Apolda | European Design Award


Salt & Paper

A womenswear collection with textiles made from table and sea salt crystals, organically grown on the fabric, and patterns utilizing paper folding and cutting techniques. The salt crystals on the garments are in a continuous process of metamor- phosis, slowly losing more and more crystals, symbolizing the passage of time and a state of constant change. The collection consists of 7 out ts.


Salt & Paper Is inspired by a journey of self discovery and the question that seems to follow all design students; Who are you as a designer?

With time and timelessness as one of it’s main themes, the collection is meant to symbolize a moment in time where a person is no longer a student and possesses all the knowledge one might need, but none of the experience. Both full and empty at the same time. The message the collection is embracing the power of non-singularity, of being part of a group and nding your own pure and strong voice within it.

Salt and paper were selected as symbols to express this in a visual form. Though seemingly unrelated at rst, salt and paper are surprisingly similar in nature. They are both a symbol of purity, natural and extremely powerful, but most impor- tantly they are also one of many, all starting out the same but once utilized, gain their true purpose and become unique.

Both salt and paper exist independently, that is, they are complete products, manufactured and produced for consump- tion, but they always need something to complete them and give them meaning. It seems that in our daily use of salt and paper we recognize their power not only for what they are, but for what they can be. By using paper as the receptacle, in this case the pattern base, and salt as the substance, meaning the textile applications, the collection attempts to mimic salt and paper’s roles in life, with paper always needing a vessel and salt always being a vessel. By putting them together in this way they will hopefully both nd their purpose, making them complete, transforming them from nothing to everything.

Another important concept in the collection is that of preservation. Salt is used as a food preservative and the paper pre- serves ideas. The collection attempts to preserve a moment in time, while at the same time acknowledge that which cannot be preserved by being completely temporary, with enough time all the crystals will fall, and the moment will be gone.


The designs vary somewhere between avant-garde and elevated ready-to-wear, with an emphasis on textile design.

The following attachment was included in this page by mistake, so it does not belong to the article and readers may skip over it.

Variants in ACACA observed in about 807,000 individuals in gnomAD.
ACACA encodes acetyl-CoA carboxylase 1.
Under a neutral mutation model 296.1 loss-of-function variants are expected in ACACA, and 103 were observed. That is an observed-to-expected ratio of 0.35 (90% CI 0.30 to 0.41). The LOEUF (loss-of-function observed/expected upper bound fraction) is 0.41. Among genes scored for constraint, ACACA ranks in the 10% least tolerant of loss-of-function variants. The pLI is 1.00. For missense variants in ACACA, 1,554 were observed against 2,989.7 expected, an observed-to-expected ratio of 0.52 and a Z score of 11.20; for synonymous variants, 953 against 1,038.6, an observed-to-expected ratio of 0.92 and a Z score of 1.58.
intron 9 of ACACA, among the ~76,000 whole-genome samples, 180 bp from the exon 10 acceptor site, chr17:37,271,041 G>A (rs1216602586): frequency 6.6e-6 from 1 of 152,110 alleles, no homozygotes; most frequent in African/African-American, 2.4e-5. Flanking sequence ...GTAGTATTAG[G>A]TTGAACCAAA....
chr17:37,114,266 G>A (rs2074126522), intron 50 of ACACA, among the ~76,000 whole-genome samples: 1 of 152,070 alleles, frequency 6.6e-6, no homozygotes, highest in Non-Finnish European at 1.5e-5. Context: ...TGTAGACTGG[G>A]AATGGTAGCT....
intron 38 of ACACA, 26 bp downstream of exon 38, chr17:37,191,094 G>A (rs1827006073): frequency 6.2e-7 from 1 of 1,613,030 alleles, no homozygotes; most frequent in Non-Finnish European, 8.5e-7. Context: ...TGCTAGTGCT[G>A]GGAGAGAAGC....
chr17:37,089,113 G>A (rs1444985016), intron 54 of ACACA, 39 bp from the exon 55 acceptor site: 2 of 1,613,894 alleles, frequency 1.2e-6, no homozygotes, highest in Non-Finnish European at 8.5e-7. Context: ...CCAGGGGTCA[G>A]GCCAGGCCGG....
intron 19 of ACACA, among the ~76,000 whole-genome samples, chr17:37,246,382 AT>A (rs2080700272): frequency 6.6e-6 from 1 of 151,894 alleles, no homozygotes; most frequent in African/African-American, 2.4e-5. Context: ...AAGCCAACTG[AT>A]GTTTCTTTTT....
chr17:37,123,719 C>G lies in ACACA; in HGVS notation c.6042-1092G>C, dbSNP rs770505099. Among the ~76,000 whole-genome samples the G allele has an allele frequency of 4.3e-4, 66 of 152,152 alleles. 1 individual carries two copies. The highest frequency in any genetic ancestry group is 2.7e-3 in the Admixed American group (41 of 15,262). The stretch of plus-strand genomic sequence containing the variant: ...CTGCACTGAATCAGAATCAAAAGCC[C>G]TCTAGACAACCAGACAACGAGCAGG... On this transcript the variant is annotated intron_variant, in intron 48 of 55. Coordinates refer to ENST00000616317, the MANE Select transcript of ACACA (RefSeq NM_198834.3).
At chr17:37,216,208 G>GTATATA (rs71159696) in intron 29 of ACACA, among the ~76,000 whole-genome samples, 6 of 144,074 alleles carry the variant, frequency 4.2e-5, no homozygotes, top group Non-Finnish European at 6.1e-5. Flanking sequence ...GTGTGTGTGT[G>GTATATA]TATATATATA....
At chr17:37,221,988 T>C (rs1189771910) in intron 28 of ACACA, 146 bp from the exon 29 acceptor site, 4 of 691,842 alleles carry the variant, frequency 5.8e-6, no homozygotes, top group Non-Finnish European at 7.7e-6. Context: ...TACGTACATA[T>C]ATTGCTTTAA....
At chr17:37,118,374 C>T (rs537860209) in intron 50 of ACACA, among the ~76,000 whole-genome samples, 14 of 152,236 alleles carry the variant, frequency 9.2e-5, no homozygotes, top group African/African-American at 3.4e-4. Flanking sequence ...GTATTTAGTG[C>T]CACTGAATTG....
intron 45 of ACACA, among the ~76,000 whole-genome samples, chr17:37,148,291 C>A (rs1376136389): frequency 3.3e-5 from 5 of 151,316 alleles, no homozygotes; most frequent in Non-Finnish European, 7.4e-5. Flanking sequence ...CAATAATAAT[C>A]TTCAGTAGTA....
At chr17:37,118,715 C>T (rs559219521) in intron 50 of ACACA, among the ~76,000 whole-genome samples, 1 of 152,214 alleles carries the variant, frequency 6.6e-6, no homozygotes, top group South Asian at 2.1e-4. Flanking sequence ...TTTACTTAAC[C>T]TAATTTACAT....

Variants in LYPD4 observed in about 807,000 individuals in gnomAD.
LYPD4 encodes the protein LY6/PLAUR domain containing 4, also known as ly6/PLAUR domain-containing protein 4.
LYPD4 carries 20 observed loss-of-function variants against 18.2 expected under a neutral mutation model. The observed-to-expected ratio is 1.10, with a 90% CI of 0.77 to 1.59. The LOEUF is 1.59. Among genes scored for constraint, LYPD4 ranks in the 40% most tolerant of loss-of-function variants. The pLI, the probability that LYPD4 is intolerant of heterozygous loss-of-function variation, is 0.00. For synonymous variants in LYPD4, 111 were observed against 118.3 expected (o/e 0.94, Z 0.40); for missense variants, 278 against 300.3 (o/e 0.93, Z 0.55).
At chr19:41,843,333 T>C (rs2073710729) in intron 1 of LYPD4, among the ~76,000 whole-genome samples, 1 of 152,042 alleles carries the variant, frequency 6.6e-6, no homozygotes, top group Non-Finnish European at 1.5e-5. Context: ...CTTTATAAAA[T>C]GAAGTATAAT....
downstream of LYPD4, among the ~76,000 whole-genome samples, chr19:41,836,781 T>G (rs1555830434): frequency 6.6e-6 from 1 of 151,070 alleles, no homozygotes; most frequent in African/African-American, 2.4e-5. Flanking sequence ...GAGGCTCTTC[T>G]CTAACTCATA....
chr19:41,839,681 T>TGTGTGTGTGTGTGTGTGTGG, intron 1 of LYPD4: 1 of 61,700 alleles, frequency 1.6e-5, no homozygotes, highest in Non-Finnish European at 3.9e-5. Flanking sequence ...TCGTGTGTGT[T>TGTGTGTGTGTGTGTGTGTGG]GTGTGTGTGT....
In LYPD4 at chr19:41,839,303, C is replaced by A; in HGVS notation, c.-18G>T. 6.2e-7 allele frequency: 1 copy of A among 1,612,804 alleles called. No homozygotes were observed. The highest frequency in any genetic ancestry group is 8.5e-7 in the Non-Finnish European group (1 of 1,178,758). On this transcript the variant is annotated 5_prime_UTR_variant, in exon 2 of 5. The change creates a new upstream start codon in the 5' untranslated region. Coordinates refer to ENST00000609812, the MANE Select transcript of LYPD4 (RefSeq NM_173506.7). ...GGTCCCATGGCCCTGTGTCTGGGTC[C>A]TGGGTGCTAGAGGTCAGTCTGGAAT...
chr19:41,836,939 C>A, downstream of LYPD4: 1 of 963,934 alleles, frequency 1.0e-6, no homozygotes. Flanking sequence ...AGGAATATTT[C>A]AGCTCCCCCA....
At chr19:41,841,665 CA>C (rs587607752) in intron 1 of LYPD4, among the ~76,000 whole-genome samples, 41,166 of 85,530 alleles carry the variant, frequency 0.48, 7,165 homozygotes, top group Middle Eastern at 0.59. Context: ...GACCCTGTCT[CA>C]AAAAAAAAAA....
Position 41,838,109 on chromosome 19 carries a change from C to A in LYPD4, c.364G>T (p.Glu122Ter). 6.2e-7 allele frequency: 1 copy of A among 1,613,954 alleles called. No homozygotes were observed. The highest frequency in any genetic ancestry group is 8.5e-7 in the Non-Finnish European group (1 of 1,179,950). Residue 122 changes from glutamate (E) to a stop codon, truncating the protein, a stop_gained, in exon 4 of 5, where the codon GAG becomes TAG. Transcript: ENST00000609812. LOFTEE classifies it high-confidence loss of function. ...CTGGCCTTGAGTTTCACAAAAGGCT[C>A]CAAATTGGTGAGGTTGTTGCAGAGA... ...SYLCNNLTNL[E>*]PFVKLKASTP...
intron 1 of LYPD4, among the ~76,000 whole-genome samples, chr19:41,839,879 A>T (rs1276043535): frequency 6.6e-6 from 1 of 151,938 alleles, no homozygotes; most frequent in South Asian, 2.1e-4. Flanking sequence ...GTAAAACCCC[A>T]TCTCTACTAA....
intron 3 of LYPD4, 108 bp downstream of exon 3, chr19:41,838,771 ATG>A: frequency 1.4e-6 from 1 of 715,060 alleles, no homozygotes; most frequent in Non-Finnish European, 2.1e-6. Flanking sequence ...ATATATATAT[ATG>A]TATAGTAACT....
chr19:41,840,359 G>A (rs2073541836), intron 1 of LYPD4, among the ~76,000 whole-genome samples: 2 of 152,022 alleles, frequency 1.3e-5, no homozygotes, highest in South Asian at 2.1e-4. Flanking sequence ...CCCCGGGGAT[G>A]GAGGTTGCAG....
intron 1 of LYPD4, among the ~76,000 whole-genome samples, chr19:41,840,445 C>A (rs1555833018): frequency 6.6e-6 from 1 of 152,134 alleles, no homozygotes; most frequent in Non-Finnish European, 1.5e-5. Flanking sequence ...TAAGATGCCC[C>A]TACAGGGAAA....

The look of the collection is an A-line or H-line silhouette, with protruding shapes and exaggerated features. The loose oversized pieces and stiff, body deforming garments mix to create a look that erases the curves of the body in favor of a sharp, straight and at appearance. The square was selected as the dominant shape of the collection as it is the standard shape for most industrial paper as well as the shape of a salt crystal Under a microscope.

All the materials are made from natural bers such as cotton, silk and virgin wool. The use of light translucent materials like silk chiffon with rigid materials such as popeline and drill weave cotton give the collection it’s mix of soft and stiff.

Many of the design details are symbols of strength and purity. Purity is expressed by the material and color selection. All the fabrics used in the collection are made from natural material, and the dominant color is white and natural ber tones. Variations on the color white as the base colors for the collection were chosen for their symbolic purity, and is also the clear choice, being the color of salt and paper.

Strength is expressed by powerful silhouettes and unusual proportions that create an authoritative, strong gure. the collection is meant to commend the focus of the observer and attract the eye by using unconventional shapes that distort or somehow alter the human body.

Salt Crystals Growing Technique:

First water is heated to about 50 degrees celsius. Then, enough NaCl is stirred into the water, until a point is reached, at which no more salt can be dissolved in the water, and the solution is said to be saturated. The solution is then ltered out into a container to remove any undissolved salt, that can stimulate unwanted growth around them. The fabric is then dipped in the solution and left to rest in it . After a few days one start to noticing the appearance of crystals on the surface of the fabric. The bers of the fabric, seem to be growth centers, around which the growth process initially occurs. After typically 7-10 days the fabric is taken out of the solution and left to dry.